Five executive motions led delegates through various issues over the course of two days. The first motion spoke to the Season of Discernment and the difficult conversations that have come as a result.

Beginning with the words, “We encourage our congregations and conference to continue to grow as communities of discernment,” and generating the most response, the motion was immediately challenged by Karen Martens-Zimmerly from Grace Mennonite in Regina.

“We need modelling, not just encouragement,” she stated firmly. “We will be having lots of difficult conversations down the road.”

The need to be intentional in dealing with these issues was clear, agreed Block, because very few churches in MC Saskatchewan had worked on honing these skills.

Henry Janzen, pastor of Neuanlage Grace Mennonite, shakes hands with Ken Bechtel following a statement by Janzen announcing the church’s decision to leave the conference.

An amendment expressing clear-cut goals was then offered up, stating, “We encourage the executive to work with two or three congregations each year, to work at difficult conversations, partnering with congregations who have already worked at this process in order to help all of us grow.”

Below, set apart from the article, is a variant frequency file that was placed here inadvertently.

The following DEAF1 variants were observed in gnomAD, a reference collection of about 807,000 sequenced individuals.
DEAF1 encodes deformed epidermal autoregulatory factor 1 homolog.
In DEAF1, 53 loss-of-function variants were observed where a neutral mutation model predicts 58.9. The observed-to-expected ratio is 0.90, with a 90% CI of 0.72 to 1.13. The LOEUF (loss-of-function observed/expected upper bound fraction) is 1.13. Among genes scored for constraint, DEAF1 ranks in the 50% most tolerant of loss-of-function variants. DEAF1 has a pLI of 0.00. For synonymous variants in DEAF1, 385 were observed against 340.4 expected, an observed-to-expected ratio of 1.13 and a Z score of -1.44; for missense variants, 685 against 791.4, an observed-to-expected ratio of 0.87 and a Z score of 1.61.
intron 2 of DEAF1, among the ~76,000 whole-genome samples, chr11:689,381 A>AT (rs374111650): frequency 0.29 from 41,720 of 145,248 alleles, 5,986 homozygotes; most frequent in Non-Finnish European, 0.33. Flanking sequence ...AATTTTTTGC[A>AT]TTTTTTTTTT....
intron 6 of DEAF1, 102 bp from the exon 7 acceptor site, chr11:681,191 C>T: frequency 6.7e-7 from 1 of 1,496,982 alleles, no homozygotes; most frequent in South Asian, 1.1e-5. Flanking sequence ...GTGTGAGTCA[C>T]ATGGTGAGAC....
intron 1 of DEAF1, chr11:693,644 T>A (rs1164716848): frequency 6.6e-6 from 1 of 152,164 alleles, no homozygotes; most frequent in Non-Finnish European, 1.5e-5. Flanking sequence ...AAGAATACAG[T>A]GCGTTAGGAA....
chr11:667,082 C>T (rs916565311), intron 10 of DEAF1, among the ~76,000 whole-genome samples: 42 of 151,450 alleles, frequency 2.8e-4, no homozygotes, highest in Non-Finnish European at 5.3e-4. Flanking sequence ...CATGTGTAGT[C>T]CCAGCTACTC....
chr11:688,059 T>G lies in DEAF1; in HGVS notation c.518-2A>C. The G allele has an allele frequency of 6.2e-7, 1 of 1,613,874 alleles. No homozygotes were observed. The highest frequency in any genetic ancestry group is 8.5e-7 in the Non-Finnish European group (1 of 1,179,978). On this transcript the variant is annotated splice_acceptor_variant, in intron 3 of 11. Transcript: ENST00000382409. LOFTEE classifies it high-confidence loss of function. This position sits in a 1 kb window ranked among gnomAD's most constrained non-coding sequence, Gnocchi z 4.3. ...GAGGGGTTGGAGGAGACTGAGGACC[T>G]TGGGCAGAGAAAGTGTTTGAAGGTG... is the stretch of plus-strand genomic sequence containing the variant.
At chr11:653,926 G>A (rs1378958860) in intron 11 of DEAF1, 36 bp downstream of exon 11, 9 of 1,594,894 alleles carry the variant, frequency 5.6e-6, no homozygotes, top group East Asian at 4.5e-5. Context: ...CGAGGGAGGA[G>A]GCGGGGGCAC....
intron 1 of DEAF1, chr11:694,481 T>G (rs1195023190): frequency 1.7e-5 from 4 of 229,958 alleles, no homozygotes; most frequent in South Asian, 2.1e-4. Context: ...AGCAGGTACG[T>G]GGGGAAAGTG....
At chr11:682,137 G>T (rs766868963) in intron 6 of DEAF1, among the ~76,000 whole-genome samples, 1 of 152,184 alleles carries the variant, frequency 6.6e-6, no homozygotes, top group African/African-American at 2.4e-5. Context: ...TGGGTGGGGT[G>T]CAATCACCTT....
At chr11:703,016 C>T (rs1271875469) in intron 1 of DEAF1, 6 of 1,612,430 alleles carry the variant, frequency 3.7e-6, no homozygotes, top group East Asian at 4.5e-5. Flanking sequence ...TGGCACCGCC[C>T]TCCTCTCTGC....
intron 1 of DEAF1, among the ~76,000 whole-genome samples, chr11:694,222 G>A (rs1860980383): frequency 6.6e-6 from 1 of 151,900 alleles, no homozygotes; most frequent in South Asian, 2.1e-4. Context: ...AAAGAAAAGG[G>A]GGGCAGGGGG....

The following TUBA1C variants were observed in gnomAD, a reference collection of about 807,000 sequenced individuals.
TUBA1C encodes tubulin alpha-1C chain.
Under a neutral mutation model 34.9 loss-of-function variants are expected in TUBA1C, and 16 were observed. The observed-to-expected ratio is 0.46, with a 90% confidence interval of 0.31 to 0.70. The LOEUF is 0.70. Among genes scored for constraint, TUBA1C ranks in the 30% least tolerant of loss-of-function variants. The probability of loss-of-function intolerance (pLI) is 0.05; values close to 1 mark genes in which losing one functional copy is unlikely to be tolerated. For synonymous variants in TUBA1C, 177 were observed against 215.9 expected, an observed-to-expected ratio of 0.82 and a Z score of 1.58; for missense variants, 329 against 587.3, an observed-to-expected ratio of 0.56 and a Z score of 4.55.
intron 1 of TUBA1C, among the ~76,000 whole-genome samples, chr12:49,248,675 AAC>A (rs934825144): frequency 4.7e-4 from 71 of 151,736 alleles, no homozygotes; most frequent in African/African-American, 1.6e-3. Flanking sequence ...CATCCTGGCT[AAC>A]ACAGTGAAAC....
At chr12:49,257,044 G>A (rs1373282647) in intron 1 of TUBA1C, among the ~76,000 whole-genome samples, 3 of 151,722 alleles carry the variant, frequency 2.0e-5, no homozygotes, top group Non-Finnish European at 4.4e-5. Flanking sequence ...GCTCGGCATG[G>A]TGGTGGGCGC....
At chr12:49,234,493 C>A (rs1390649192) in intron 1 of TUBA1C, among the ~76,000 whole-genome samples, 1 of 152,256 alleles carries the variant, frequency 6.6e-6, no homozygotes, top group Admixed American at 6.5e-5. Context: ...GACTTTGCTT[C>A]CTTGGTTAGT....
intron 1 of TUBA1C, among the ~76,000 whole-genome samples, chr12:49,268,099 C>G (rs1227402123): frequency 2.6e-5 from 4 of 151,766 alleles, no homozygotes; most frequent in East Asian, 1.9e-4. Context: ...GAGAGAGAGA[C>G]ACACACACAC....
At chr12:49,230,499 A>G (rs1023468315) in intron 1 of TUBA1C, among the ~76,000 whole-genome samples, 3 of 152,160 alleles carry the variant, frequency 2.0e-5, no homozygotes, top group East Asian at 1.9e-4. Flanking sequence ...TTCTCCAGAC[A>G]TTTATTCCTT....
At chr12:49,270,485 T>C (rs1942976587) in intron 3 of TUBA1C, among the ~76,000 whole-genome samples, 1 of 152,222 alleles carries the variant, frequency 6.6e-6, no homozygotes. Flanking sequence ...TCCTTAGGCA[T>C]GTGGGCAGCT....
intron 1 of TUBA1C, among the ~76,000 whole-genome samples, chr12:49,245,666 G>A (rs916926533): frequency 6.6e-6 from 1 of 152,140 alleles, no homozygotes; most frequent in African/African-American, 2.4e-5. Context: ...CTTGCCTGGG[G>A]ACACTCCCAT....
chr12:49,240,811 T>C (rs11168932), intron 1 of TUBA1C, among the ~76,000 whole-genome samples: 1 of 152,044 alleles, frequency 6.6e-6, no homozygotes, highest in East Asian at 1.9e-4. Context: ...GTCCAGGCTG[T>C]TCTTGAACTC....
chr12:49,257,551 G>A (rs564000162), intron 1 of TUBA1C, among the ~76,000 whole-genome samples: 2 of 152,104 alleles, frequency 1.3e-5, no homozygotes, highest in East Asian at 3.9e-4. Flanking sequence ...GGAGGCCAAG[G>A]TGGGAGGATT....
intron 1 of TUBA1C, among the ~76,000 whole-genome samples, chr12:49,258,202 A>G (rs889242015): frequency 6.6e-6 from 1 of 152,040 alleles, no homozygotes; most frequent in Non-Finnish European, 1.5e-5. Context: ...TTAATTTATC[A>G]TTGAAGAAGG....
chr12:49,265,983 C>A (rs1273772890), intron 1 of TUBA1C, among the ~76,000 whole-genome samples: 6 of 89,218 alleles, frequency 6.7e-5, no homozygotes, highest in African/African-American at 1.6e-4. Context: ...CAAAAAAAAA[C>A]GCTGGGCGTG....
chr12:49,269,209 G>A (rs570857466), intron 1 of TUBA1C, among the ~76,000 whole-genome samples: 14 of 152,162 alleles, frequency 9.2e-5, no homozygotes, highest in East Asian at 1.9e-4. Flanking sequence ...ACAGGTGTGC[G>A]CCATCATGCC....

The amendment addressed the first part of the five-point motion. The remainder of the motion dealt with making sure any future proposals on “matters of sexuality” would be addressed prayerfully and “in the spirit of the Jerusalem council.”

Some confusion about the motion was expressed by other delegates.

“Is this [motion] about sexuality or difficult conversations?” asked Herman Wiebe, pastor of Zoar Mennonite in Langham.

In comparison, the next two motions dealt with the new vision and new structuring to help move the vision forward. Both were quickly and easily passed, as was the motion to agree to a well-thought-out action plan.

To get people thinking, and to save time, roundtable discussions were planned over coffee and cookies and around the separate topics of discernment and structuring. Delegates met to process experiences of discernment in their own churches and then to decipher what was wrong with MC Saskatchewan’s structure and what could be improved.

Against the backdrop of moving forward with a new vision and new hope for the future, was also the painful reality that delegates must acknow-

ledge people leaving, congregations separating and nursing homes closing.